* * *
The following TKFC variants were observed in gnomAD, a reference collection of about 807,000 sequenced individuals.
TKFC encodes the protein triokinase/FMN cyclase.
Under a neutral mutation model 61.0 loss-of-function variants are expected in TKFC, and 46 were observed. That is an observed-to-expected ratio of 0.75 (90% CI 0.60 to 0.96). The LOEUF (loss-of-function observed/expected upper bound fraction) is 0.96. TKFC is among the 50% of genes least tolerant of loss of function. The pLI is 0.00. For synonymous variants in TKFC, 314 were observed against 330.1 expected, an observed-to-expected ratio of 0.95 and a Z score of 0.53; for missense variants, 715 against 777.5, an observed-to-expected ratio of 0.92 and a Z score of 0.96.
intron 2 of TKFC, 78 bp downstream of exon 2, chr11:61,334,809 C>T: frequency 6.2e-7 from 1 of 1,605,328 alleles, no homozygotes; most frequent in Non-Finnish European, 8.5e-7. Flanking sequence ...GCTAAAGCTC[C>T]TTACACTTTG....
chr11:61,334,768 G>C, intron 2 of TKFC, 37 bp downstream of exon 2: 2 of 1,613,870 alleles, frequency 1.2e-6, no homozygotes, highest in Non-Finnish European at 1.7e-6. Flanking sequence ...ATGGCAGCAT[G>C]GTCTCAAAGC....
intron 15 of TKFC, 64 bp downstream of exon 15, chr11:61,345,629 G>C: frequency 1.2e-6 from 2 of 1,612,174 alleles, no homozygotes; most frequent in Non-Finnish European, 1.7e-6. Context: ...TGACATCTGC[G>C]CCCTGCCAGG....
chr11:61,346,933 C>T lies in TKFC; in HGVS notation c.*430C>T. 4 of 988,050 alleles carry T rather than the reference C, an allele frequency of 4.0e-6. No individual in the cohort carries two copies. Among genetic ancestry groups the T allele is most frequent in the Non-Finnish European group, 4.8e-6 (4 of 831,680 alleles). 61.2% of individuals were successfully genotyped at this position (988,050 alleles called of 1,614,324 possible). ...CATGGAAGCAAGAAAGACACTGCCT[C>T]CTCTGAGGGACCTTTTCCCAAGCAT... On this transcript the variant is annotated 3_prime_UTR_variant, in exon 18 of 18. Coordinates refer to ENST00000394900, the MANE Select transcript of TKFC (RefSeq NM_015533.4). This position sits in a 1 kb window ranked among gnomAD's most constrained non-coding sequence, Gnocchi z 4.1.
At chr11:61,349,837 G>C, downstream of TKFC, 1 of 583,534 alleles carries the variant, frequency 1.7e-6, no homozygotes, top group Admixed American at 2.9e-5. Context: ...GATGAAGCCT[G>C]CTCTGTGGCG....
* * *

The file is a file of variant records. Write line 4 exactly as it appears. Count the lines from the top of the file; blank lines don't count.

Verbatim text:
intron 2 of TKFC, 78 bp downstream of exon 2, chr11:61,334,809 C>T: frequency 6.2e-7 from 1 of 1,605,328 alleles, no homozygotes; most frequent in Non-Finnish European, 8.5e-7. Flanking sequence ...GCTAAAGCTC[C>T]TTACACTTTG....